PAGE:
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Absolute Hell

166 pages1 hour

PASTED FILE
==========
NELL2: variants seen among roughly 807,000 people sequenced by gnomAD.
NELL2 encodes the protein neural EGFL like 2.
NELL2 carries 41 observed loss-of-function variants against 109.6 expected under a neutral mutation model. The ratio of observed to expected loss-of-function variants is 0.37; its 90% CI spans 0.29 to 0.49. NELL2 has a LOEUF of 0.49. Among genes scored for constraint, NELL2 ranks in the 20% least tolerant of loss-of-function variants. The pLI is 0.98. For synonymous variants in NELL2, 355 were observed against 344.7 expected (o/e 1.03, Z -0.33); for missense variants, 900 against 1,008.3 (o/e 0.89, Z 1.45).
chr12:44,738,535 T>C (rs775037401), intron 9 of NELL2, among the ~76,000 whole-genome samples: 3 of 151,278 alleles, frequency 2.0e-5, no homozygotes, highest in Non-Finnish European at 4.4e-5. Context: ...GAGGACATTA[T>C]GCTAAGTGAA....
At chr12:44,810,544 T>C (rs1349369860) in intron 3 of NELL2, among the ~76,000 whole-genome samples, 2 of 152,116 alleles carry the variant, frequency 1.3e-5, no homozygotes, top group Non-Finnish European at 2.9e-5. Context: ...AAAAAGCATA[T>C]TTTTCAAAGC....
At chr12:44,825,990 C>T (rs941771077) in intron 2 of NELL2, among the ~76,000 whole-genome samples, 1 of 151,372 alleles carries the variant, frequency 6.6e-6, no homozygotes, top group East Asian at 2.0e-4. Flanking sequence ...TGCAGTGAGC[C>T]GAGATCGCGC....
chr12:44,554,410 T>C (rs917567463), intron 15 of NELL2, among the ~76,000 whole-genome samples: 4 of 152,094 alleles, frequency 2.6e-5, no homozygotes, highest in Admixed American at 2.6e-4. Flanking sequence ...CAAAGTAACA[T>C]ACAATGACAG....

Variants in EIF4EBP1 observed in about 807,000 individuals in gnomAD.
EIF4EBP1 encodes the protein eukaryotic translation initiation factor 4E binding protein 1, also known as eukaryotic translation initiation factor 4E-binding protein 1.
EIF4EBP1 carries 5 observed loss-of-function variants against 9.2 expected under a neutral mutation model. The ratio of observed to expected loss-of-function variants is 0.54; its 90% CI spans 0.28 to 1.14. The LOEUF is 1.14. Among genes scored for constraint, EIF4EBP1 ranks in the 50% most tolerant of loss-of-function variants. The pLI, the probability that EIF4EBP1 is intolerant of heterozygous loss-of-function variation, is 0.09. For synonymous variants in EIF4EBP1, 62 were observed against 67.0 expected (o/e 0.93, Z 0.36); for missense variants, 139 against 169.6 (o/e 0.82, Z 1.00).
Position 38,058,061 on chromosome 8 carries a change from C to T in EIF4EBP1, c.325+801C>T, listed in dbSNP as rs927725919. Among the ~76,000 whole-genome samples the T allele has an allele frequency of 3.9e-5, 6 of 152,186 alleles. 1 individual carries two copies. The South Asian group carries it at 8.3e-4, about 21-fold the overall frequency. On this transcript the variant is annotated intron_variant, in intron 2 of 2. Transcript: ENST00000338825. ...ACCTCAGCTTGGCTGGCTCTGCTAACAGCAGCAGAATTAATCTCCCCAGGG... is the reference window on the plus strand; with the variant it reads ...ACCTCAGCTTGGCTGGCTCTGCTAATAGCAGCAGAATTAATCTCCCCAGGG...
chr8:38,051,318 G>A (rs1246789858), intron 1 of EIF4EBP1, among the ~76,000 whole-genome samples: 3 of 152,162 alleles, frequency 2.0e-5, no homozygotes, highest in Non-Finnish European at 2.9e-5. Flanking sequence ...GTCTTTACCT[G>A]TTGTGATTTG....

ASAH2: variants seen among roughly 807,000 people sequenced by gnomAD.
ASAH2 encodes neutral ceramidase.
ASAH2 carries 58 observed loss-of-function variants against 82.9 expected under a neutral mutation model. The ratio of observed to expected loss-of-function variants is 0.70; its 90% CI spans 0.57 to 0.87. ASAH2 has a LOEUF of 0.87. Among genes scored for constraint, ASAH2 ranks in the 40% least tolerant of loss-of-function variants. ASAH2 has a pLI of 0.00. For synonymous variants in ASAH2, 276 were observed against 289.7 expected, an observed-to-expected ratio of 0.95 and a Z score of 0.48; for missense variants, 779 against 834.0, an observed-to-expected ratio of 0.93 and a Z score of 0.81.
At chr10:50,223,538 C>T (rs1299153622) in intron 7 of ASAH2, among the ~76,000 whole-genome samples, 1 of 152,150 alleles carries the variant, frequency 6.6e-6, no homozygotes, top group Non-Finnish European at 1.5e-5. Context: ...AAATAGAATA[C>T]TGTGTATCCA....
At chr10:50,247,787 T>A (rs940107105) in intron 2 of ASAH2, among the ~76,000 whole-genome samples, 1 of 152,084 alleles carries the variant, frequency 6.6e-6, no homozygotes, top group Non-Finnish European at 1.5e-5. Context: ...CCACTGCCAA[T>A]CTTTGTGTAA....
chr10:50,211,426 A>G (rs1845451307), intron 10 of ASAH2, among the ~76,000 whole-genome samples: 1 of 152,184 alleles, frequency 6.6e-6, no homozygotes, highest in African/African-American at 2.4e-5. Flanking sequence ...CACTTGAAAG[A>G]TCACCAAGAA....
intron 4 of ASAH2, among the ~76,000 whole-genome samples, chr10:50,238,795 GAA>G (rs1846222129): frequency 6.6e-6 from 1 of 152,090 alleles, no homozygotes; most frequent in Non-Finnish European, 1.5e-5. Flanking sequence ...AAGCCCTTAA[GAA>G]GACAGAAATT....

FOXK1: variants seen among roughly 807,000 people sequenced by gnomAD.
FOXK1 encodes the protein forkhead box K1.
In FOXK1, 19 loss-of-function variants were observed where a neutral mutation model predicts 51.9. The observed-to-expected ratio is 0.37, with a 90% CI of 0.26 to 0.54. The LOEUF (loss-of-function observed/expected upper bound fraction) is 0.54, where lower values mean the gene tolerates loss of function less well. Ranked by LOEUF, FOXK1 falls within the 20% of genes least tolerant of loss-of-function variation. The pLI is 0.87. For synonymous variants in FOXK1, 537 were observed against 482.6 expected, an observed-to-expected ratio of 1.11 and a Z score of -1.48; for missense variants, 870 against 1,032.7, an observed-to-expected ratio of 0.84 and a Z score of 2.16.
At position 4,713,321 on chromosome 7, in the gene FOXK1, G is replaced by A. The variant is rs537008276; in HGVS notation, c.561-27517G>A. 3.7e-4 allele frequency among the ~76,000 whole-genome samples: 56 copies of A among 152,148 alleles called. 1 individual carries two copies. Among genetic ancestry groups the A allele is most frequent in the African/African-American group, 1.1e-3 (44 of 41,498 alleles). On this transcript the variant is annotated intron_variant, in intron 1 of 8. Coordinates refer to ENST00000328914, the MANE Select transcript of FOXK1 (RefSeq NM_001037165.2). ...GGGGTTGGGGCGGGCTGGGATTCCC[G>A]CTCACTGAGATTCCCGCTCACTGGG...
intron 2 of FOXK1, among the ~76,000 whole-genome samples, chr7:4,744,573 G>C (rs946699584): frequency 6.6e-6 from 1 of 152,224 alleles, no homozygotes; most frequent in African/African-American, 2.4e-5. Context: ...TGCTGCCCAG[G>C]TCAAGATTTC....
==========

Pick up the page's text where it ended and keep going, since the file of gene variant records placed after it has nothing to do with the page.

Set in a Soho drinking Club just after World War II, this savage, witty slice of Bohemian life in London was reviled by one critic as ‘an insult to the British people’. Its title then was The Pink Room, as close as the law would allow for a play in which one of its central characters is a drunken homosexual writer. Despite these obstacles, Absolute Hell is now regarded as a twentieth-century classic, following a sumptuous revival at the National Theatre, starring Dame Judi Dench. Earlier the play had been televised by Channel 4 after being rediscovered by the Orange Tree Theatre, Richmond, near to where the author Rodney Ackland was living in virtual obscurity. The play is remarkable for two reasons: It offers a realistic view of postwar London, in contrast to the nostalgic memories of the blitz and buzz bombs; Ackland’s craft is consummate, weaving together the lives of 20 speaking characters, many of them lost souls as they drift in and out of the bar in search of a more meaningful life. Ackland died in poverty, having written some of the finest plays of our time.

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